Walking into an Italian restaurant for a local dinner club/pub crawl-type event one night last week, I was met with a warm smile from the host. Then, as I reached for a nametag, she tried to thrust a sheet of paper into my hand.
“You need to sign this release to have your photo taken,” she instructed.
I looked around in confusion. I’d just walked in the door. How often do you go to a casual event and immediately confront a consent form?
I shook my head. “No thanks,” I smiled. “I don’t want to have my picture taken.”
She looked confused and waved the paper in the air. “You have to sign this. Otherwise, if we use your picture somewhere, you could sue us.”
I stared at her. I looked around again, spotting my already-laughing pal Genevieve in the corner. We haven’t been friends for long, but she understands me well enough that she knew what was happening.
My partner, who had also waved away the paperwork, spoke before I could figure out what to say -- and was arguably more blunt than I would have been. “That’s not our problem,” he said with a shrug. Then he guided me away before there could be further discussion.
Genevieve got up and embraced us, teasing, “Hey, troublemakers. Want some tapas?” Then she pointed to a gal at our table. “It’s OK. She didn’t want to sign either.” (I later found out that under pressure, the woman had caved and signed anyway.)
Photography has been a weirdly ubiquitous part of our lives. Alli rightfully wants to know why everyone photographs their food all the time, and Lesley gave us helpful pointers on looking better in photos because taking random pictures has become such an inevitable part of our lives. But there’s a line between fun with friends and passively becoming marketing material. There’s also a limit to how much you want to lose control over your own image.
I think particularly because I’m a serious if amateur photographer, I get rankled when anyone demands that I allow myself to be photographed. Don’t get me wrong; I tote a camera around like everyone else, albeit an old Canon 35 mm SLR. I just don’t believe the world is my modeling agency and don’t flounce around in public expecting everyone to oblige my desire to capture every interaction or fleeting exchange. I’m just as likely to be the subject of unwanted photography as the next person, and I keep that in mind when I’m out on a photo walk or cruising around town.
If I feel compelled enough to snap someone, I make sure they can’t be identified. Even then, I usually ask nicely ask if I may take their picture. Sometimes I offer a complimentary explanation. “You two look so lovely on that bench. May I take your photo?”
One photographer friend of mine hands out small, informal cards with his Flickr account listed. If people want to find the photo or ask for a high-res copy -- and likewise, if they want the pics removed from the Internet -- he is happy to oblige.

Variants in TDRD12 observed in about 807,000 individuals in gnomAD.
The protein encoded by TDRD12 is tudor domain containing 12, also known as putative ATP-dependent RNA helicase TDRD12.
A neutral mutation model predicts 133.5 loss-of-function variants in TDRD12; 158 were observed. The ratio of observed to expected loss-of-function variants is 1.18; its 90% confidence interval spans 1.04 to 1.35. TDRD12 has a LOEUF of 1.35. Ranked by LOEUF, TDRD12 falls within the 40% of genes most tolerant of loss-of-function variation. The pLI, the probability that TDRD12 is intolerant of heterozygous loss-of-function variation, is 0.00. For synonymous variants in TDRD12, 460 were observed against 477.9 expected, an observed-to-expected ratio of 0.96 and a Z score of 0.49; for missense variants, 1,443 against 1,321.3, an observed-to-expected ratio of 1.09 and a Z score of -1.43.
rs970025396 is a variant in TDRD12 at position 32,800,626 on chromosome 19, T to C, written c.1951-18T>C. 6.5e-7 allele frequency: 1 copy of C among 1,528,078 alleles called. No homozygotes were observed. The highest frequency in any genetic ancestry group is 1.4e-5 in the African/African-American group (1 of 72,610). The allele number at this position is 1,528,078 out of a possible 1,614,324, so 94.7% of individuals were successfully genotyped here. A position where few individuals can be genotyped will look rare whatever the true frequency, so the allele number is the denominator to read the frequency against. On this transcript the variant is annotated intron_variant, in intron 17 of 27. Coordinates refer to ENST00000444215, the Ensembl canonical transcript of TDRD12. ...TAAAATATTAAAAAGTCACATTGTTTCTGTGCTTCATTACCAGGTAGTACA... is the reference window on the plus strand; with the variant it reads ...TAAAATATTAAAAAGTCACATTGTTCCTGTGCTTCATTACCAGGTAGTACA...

I take a similar stance on most public interactions. Basically, consent is hot. I don’t want to be leered at or cornered by a stranger in public. Is having my photo taken any different than being ogled? Existing in public space might mean that our bodies and images are free for all, but if I don’t want to passively or actively participate, I don’t think I should be required to offer an explanation.
Meanwhile, while my loved ones and I trekked between bistros with a handful of friendly foodies, we were followed closely by one of the shutterbug event organizers. I ducked my head whenever she leaned over my table, and only once, a popping flash mid-bite indicated that she caught me jamming salad into my mouth at the Italian restaurant. I had to wonder, did she really need to capture that?
This is also where preparing-to-IPO Facebook comes in. I’ve purposefully avoided writing about it here because I know many people don’t care about folks like myself who hold out against Facebook. Everyone’s doing it, blah blah, I should be bullied into joining Facebook or risk ruining my life. (You cannot possibly imagine the number of people who still ask me to sign up, as if my absence might just be an oversight.)
No amount of condescending pressure or insulting assumptions about my supposed snobbery will convince me to join, and that’s even an old story these days. But for me, it’s a persistently relevant argument that involves the frustration with and pitfalls of publicized relationships, the future of facial recognition software, and the knowledge that privacy is fleeting and nothing digital can ever truly be erased.
I know loads of people don’t care about being photographed or having their image splashed online. Otherwise, social media in its current form wouldn’t exist today. I also know people who are deadly serious about protecting their privacy online (and off) and go to great lengths to curate what appears on the Internets.
The question is, where do you draw the line, and why?